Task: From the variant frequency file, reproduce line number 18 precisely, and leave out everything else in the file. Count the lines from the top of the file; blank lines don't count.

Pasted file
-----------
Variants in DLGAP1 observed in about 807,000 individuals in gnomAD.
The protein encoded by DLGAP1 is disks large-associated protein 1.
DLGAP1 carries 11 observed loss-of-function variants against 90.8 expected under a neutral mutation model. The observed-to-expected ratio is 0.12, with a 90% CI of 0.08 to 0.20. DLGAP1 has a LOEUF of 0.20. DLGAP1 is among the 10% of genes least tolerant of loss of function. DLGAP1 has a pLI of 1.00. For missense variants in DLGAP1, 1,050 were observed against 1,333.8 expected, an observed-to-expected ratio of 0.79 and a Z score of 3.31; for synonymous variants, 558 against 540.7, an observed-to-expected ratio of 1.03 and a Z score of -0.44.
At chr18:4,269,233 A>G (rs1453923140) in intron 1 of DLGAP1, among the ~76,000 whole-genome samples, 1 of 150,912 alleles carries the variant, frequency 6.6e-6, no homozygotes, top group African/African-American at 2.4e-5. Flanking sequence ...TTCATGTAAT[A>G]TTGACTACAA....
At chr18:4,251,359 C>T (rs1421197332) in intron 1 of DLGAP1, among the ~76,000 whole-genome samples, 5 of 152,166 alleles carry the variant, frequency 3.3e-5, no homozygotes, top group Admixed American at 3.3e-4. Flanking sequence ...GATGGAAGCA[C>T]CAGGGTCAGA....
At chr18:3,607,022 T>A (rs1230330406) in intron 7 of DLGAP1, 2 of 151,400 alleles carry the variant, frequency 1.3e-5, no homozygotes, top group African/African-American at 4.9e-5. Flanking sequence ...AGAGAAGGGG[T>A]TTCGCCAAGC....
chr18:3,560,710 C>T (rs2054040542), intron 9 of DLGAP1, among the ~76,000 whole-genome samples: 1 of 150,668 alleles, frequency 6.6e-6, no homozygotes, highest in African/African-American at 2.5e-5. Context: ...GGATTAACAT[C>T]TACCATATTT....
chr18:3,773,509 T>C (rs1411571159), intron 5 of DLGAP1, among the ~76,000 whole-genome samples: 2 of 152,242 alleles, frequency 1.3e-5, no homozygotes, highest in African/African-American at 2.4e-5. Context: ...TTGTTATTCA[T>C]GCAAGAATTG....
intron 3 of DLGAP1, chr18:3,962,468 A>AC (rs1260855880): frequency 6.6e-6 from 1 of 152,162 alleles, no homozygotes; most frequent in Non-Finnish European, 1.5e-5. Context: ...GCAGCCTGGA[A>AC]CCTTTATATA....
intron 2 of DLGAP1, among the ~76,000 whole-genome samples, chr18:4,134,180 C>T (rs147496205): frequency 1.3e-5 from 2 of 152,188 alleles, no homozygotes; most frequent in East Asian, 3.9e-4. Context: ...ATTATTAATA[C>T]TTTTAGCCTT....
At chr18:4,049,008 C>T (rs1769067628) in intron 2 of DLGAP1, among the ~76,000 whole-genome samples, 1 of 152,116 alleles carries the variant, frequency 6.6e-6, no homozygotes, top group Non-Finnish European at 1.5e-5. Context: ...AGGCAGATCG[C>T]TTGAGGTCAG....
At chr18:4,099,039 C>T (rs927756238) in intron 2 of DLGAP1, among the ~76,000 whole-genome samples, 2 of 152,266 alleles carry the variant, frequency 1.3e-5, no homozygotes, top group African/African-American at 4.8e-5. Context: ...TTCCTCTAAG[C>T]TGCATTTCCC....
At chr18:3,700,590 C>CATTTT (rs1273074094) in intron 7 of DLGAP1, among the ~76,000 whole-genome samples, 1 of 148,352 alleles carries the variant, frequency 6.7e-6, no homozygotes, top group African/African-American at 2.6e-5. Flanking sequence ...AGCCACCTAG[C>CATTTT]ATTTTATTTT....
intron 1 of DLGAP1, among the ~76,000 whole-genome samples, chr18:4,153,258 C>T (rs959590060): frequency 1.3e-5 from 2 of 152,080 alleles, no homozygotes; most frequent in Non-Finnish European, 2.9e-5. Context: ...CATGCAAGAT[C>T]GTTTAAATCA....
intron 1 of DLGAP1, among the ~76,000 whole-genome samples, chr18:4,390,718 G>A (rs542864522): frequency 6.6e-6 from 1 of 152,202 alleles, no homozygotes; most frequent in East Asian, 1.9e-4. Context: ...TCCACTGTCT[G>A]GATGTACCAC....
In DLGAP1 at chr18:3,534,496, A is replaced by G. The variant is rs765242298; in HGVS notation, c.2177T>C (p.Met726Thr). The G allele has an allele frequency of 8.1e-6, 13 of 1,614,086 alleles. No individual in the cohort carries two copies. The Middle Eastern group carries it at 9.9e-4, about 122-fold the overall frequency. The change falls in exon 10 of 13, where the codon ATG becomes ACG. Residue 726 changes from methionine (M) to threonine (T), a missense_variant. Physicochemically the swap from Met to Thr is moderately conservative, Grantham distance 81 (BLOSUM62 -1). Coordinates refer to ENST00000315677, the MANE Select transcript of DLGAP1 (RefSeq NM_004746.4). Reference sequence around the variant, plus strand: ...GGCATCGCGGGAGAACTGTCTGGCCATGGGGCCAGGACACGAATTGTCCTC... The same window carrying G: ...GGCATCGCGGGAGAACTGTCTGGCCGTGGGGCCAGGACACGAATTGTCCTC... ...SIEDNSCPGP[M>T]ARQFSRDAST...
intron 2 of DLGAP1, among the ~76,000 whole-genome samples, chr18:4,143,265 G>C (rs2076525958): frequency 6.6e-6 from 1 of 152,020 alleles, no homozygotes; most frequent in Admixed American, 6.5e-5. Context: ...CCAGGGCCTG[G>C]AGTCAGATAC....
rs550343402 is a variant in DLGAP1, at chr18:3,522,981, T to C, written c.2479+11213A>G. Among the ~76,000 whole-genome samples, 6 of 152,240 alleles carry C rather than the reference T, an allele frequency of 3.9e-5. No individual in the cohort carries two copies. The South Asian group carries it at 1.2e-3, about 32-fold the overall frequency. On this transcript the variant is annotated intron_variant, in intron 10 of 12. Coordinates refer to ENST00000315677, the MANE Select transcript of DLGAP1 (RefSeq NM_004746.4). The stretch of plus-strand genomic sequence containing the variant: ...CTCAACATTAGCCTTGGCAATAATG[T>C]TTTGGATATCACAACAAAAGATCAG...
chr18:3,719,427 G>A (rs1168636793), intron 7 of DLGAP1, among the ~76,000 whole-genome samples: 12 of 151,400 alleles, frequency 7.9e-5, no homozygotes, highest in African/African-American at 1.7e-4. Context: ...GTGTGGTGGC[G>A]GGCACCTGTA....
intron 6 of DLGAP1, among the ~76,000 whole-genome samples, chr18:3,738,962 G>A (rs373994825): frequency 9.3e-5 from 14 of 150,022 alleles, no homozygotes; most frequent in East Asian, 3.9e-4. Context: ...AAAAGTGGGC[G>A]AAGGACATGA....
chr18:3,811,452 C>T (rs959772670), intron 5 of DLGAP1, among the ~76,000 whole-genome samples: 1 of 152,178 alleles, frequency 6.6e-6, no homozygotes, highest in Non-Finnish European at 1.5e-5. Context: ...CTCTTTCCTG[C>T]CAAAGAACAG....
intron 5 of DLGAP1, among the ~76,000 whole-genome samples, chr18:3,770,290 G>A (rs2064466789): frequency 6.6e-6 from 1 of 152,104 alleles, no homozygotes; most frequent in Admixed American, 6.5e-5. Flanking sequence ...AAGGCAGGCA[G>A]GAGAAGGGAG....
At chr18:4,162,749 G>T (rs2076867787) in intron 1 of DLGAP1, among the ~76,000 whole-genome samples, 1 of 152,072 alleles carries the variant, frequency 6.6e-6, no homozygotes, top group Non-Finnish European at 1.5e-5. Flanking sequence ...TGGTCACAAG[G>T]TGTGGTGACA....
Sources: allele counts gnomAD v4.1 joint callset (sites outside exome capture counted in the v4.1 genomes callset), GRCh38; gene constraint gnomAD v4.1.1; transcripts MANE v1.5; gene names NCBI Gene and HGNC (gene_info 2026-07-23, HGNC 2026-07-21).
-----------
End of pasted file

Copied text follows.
rs550343402 is a variant in DLGAP1, at chr18:3,522,981, T to C, written c.2479+11213A>G. Among the ~76,000 whole-genome samples, 6 of 152,240 alleles carry C rather than the reference T, an allele frequency of 3.9e-5. No individual in the cohort carries two copies. The South Asian group carries it at 1.2e-3, about 32-fold the overall frequency. On this transcript the variant is annotated intron_variant, in intron 10 of 12. Coordinates refer to ENST00000315677, the MANE Select transcript of DLGAP1 (RefSeq NM_004746.4). The stretch of plus-strand genomic sequence containing the variant: ...CTCAACATTAGCCTTGGCAATAATG[T>C]TTTGGATATCACAACAAAAGATCAG...